GAA solution to a GAA problem but what’s the alternative?
For all their shortcomings the FRC proposals would improve the football championship
In a couple of months it will be the 35th anniversary of then minster for health Charles Haughey’s deathless description of his Family Planning Bill as “an Irish solution to an Irish problem”. This sprang to mind while scanning the second report of the Football Review Committee.
Since 1979 the mists of time have obscured the phrase’s intended meaning but the minister meant it as a positive reference to the ingenuity required to address an issue – provision of access to contraception that the Supreme Court had deemed a constitutional right a mere five years previously – while bearing in mind public and church sensitivities.
Over the years however the words have come to be regarded more in line with the view, expressed in the Dáil some years later by Eamonn Gilmore as, “the sort of fudge that has been the hallmark of many social reform attempts”.
In between the approving and pejorative lies the reality of what Haughey was attempting: to do the reasonable thing without annoying too many people but the compromises made the whole package unreasonable. There is a difference however between a government and a GAA committee: one has a guaranteed opportunity to pass laws whereas the other has to convince an annual congress if it wants change.
Not annoying people matters.
Eugene McGee’s FRC decided a year ago that it would be impossible to draw up a report that covered both the rule changes needed in football and proposals to improve competition structures and so the latter task was deferred for 12 months.
In the meantime the committee worked tirelessly and fought hard for acceptance of their rule changes in relation to the playing of football.
Competition structures are another day’s work. For a start this wasn’t just a single issue; there were two considerations: how to optimise the inter-county calendar and how to ensure club players – who are as we keep hearing, 98 percent of all footballers – are provided with a decent schedule of fixtures rather than a series of cryptic clues dependent on how the county team is going and the whim of its manager.
Then, as the FRC would have become aware, there is a huge interest in the whole business of fixing the inter-county season. Taking the second report on the road would be a far more wearying task than even plugging part one.
According to McGee the most obvious solution and the one which appeared to command most support was the “four eights” – basing the championship on adapted provincial lines so that the 32 counties would be arranged symmetrically.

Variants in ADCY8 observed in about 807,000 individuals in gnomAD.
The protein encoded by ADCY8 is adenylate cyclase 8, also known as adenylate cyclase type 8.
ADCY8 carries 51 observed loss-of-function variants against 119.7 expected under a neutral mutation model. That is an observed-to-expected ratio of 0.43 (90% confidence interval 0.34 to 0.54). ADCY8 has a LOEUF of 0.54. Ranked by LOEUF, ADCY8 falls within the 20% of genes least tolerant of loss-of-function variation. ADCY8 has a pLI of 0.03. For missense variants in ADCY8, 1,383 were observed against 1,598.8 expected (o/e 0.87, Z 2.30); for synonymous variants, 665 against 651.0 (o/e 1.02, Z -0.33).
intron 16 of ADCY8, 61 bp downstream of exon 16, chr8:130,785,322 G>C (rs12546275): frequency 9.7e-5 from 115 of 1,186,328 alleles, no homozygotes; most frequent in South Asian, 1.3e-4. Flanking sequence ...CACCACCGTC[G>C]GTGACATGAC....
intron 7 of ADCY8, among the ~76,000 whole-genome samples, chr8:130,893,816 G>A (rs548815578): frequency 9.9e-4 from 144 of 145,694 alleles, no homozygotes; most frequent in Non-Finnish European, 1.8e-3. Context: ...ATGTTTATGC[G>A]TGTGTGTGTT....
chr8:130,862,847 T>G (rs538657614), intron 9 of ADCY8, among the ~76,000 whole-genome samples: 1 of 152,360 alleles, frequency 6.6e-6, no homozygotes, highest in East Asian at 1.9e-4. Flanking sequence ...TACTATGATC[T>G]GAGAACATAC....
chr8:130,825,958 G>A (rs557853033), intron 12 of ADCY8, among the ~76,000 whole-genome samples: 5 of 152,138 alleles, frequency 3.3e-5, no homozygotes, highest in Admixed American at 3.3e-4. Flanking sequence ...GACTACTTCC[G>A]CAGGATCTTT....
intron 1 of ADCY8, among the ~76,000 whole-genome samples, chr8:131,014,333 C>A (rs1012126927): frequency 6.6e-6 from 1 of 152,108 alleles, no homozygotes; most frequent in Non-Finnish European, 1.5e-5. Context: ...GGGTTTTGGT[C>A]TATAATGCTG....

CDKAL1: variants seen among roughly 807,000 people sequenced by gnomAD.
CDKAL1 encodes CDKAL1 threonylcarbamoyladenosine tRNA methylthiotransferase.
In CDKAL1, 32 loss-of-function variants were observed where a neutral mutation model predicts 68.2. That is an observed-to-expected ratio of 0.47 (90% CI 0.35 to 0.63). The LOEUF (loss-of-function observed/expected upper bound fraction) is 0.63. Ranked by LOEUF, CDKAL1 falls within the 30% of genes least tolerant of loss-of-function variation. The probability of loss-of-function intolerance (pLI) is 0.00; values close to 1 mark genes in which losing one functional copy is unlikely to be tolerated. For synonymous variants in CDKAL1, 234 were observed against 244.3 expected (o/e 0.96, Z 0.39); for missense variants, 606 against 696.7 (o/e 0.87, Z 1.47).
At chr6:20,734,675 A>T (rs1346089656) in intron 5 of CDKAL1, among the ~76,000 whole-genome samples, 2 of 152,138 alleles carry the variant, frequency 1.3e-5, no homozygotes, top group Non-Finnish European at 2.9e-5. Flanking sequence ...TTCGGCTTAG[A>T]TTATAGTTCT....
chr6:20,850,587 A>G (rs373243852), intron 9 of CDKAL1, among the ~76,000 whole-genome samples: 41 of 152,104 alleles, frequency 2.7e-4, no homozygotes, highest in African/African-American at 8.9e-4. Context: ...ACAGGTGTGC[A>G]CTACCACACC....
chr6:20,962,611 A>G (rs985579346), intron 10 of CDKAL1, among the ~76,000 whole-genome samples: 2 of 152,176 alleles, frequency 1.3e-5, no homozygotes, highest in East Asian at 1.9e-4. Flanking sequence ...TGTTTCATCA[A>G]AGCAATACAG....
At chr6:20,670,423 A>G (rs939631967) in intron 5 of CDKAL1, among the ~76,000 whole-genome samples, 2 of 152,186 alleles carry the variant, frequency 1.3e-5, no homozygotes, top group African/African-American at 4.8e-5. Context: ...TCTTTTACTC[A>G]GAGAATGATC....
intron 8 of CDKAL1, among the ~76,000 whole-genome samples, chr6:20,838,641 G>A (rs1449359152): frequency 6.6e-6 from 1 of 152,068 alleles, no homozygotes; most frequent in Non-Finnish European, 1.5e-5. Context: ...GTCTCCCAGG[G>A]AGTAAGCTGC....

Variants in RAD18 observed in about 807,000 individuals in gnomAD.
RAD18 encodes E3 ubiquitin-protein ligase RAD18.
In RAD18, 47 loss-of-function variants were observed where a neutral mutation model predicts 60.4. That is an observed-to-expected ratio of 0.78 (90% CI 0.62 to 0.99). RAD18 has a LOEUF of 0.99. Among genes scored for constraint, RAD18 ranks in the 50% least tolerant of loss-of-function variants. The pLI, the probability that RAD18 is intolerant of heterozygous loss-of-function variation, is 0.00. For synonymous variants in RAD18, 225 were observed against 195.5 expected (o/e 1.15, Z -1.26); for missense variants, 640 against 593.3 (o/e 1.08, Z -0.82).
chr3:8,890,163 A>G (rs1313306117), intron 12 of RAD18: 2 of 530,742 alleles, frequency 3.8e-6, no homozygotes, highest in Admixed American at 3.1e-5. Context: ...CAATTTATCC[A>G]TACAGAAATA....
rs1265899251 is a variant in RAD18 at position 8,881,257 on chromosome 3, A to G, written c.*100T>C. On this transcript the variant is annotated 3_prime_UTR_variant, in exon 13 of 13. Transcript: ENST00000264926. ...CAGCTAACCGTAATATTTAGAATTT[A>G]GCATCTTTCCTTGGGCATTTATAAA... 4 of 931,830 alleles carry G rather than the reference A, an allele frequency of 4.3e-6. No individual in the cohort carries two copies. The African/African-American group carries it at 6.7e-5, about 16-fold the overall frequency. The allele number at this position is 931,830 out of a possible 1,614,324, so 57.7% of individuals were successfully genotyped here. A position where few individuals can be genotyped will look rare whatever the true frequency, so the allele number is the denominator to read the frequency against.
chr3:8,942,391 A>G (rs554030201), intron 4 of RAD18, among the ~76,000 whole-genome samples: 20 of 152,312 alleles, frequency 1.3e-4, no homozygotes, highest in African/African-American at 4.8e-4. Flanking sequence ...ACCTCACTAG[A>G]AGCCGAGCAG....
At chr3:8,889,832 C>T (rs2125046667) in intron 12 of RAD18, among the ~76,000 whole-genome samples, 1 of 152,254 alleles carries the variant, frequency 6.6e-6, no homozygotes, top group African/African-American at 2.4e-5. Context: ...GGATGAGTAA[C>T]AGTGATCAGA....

It would of course be easier simply to designate four “provinces” or conferences and allocate the counties accordingly but the FRC wisely anticipated that forcible ejection from their province would not find easy acceptance. By allowing counties to play for the right to contest their own provincial championship, the spectre of forced displacement is removed.
Is the proposal worthwhile or simply the lowest common denominator, the most change that the GAA might be able to get away with? Would it be an improvement?
It’s very hard to argue that it wouldn’t. It would streamline the championship and make sure that nearly all counties have to play the same number of rounds to win a provincial title and All-Ireland. By playing matches over an agreed number of weeks – a fortnight each for provincial quarter-finals, semi-finals and finals – there would be a tidier inter-county programme.
McGee pointed out that the suggested programme would allow the GAA greater scope in devising a decent promotional campaign in advance of the first weekend.
More crucially, this rationalisation would allow club matches to be played during the summer, which is one of the FRC’s most urgent ambitions. Yes, there would be dual players who would create difficulties on hurling weekends but that wouldn’t apply to all counties.
The downside is that such a structure would require iron discipline to see it through. Just because there’s a few weekends freed up doesn’t mean that managers will want players off with their clubs. Some counties may have to be forced to do the right thing by their club players.
Is that fight winnable? That’s effectively the report’s core issue.
There are still miles to go. Central Council has to deliberate on the report and work out how it’s going to canvas responses and it will be well over a year before anything goes before congress but this is an attempt to grapple with the biggest issue in Gaelic games at present.
FRC II can be characterised as an Irish solution to an Irish problem but most of the significant reforms in the GAA have been just that – hurling’s back door, the qualifiers etc.
It comes down to this: are the proposals an improvement? It’s hard to argue otherwise so opponents have to be asked, “what’s your alternative?”